The Things I Wish I Knew

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We had a chat with Hanifa Anne Sekandi, founder of The Things I Wish I Knew blog to discuss Satya and Indigenizing skincare! Check out the blog below, originally posted on


I thought it would be great to start the green beauty spotlight feature series with Satya Organic Skincare. In this series, I will showcase green beauty brands and the people behind these amazing brands. I hope they can inspire you to follow your dreams and in the process give back with love and kindness. Green beauty isn’t just about making us look good and feel good, it’s also about the imprint it leaves behind for generations to come. Our first green beauty gems: Satya Organic Skincare is your next favourite green beauty brand. Why green beauty gems? Because they’re a new skincare treasure that everyone needs in their green beauty skin routine.

I hope this series introduces you to new green beauty skincare products. I hope the stories of the people behind each brand adds that personal touch that creates connection and allows you to see that your support is valued.

1. What inspired you to create Satya Organic Skincare?

I was inspired to create Satya because I wanted other moms to know that there’s a clean, natural alternative to steroid creams that actually work! My daughter Esme was only 8 months old when she developed eczema, scratching her delicate skin and crying through the night. There’s no worse feeling than seeing your baby suffer. When the doctor prescribed a potentially harmful steroid cream, I knew there had to be a better way.

After much research on traditional medicines and natural anti-inflammatories, I created a remedy in my kitchen crockpot that cleared her skin in just two days. When I had a leftover product, I offered it up on Mommy Facebook groups and it took off. I knew the demand was there, and I wanted other people to feel the same relief that I did.

2. How did creating this brand transform you?

When I began meeting other women entrepreneurs who were putting people before profits building social ventures, I knew Satya Organic was the mission for me. The SheEO community in particular has played a huge role in sustaining the hard work involved in running a successful values-based business. We lift each other up. I always wanted to change the world and helping people access clean, ethical, and sustainable skincare in a world where skin conditions like eczema are on the rise empowers me to do that. Entrepreneurship also gives me a platform to make the business world more equitable for women, and especially Indigenous women, like when I was interviewed alongside Prime Minister Trudeau.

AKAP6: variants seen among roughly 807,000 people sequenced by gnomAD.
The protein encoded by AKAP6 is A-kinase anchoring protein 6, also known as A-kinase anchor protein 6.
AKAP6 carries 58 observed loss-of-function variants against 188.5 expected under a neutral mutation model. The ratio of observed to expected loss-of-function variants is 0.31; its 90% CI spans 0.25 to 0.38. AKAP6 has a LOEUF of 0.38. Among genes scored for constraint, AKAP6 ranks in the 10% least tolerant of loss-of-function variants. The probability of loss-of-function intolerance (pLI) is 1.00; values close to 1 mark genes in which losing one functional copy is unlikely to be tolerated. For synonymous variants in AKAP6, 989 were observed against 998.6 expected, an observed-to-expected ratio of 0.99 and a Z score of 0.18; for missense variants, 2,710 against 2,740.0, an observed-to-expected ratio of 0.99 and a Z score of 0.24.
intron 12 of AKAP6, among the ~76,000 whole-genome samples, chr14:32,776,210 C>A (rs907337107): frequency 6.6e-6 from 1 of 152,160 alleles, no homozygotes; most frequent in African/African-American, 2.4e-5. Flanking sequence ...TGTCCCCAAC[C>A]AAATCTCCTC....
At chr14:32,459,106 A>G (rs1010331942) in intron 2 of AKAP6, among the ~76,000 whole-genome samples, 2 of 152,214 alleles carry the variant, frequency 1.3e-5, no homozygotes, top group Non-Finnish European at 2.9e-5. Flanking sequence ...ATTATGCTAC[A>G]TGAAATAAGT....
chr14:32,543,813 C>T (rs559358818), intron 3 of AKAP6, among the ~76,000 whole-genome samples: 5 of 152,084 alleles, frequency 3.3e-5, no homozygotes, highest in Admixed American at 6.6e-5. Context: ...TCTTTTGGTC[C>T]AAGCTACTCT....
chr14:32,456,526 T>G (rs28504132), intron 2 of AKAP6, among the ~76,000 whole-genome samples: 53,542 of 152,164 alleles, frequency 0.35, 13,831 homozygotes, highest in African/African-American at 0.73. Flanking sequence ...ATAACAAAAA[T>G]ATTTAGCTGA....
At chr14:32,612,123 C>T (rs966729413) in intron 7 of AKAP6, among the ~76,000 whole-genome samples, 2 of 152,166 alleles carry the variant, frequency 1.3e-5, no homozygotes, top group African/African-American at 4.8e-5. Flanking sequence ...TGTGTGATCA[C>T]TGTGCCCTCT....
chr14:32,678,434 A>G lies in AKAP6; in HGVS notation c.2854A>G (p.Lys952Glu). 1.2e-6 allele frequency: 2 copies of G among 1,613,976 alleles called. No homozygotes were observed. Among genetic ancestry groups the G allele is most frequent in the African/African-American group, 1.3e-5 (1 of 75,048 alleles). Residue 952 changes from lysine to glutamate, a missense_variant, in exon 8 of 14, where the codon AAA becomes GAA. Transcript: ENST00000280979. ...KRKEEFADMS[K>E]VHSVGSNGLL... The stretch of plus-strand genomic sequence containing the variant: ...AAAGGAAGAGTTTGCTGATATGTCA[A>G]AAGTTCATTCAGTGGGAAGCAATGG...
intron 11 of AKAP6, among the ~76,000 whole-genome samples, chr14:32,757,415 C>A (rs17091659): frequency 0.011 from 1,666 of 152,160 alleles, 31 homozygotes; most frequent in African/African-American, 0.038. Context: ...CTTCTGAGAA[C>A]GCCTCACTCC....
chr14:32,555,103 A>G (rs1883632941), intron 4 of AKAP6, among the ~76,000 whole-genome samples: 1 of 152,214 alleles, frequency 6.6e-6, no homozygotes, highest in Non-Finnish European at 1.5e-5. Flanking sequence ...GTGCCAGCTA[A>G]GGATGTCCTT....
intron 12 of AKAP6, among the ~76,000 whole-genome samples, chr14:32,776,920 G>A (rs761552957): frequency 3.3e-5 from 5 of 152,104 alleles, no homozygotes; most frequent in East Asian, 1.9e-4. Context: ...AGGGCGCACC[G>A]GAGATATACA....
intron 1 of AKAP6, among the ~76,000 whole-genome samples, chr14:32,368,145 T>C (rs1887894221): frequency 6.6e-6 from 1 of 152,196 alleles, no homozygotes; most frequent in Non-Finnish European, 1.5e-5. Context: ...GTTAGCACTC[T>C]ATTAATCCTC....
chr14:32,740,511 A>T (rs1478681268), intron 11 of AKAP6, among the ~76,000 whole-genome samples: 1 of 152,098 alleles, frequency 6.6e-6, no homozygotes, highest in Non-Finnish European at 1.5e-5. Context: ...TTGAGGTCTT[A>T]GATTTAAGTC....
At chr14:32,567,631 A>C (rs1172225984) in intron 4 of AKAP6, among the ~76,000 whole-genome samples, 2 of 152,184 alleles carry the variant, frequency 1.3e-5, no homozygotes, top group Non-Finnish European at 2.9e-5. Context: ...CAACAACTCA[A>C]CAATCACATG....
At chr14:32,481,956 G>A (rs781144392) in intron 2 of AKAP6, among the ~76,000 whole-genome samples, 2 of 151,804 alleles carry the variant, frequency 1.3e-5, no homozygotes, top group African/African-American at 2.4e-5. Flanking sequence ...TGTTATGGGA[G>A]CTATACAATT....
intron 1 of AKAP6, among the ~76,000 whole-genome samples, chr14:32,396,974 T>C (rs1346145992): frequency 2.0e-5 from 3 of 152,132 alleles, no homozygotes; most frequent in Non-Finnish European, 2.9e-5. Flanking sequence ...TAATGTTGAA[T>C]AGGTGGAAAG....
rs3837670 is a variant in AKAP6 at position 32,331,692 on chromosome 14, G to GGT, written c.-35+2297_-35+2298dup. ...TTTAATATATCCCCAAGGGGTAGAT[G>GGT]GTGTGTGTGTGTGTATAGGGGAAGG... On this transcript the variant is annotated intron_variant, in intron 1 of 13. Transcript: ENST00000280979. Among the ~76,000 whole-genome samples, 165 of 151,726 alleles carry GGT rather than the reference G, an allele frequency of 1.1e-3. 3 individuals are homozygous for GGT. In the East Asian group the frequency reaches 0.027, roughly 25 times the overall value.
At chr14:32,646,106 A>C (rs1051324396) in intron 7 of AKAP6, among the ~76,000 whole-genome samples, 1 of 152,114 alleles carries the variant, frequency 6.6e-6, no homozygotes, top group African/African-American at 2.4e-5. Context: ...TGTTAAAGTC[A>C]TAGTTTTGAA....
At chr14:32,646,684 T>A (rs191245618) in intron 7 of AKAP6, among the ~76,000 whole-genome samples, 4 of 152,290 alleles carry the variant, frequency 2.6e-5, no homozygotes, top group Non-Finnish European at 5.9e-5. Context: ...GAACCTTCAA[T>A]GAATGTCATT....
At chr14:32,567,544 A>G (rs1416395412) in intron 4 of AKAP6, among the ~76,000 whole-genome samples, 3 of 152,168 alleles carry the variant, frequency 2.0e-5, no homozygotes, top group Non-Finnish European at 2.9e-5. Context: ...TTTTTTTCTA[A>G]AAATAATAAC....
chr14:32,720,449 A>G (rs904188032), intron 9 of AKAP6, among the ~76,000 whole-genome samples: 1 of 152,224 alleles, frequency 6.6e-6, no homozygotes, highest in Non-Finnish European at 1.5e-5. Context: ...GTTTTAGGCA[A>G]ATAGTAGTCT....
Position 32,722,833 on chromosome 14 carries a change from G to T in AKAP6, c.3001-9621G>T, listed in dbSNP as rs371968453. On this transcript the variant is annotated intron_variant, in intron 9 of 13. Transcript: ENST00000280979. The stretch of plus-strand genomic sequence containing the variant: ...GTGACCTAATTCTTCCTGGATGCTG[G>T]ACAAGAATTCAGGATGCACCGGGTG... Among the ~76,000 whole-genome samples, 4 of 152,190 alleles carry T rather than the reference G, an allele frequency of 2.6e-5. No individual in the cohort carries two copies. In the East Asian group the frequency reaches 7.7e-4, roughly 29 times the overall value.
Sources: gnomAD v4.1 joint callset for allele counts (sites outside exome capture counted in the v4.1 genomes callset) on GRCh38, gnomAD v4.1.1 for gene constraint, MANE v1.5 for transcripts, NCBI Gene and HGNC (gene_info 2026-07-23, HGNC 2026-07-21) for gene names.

3. What is something you wish people knew about the experiences of Indigenous women?

I wish more people understood that Indigenous women make excellent entrepreneurs. We’re extremely resourceful and innovative. For many Indigenous women, the concept of circular business is a natural, ingrained cultural perspective, as opposed to hierarchy. Indigenous cultures are all based on a circular way of looking at things. Everyone has value and things to bring to the table. So we’re a lot more accustomed to looking at the larger picture and from all the different aspects. I think more and more people are starting to catch on to that, that the more voices you have, like women, children, elders and two-spirited people, the stronger your businesses. An extension of that is this idea about the environment. The environment is bringing the raw materials to our businesses, so we also have a responsibility to the environment as a partner.

4. I ask every guest on The Things I Wish I Knew this question, What are the things you wish you knew five years ago that you know now? How has this transformed your perspective on the way you see life in the present moment?

I wish I knew that sometimes success presents challenges! When Satya first took off in a big way from our coverage in La Presse, I was caught off guard with demand and the struggle to get people’s product was overwhelming. I think a lot of people look at successful small businesses and think it must be easy, but it’s not. And a lot of that has to do with access to affordable financing.

by Hanifa Anne Sekandi

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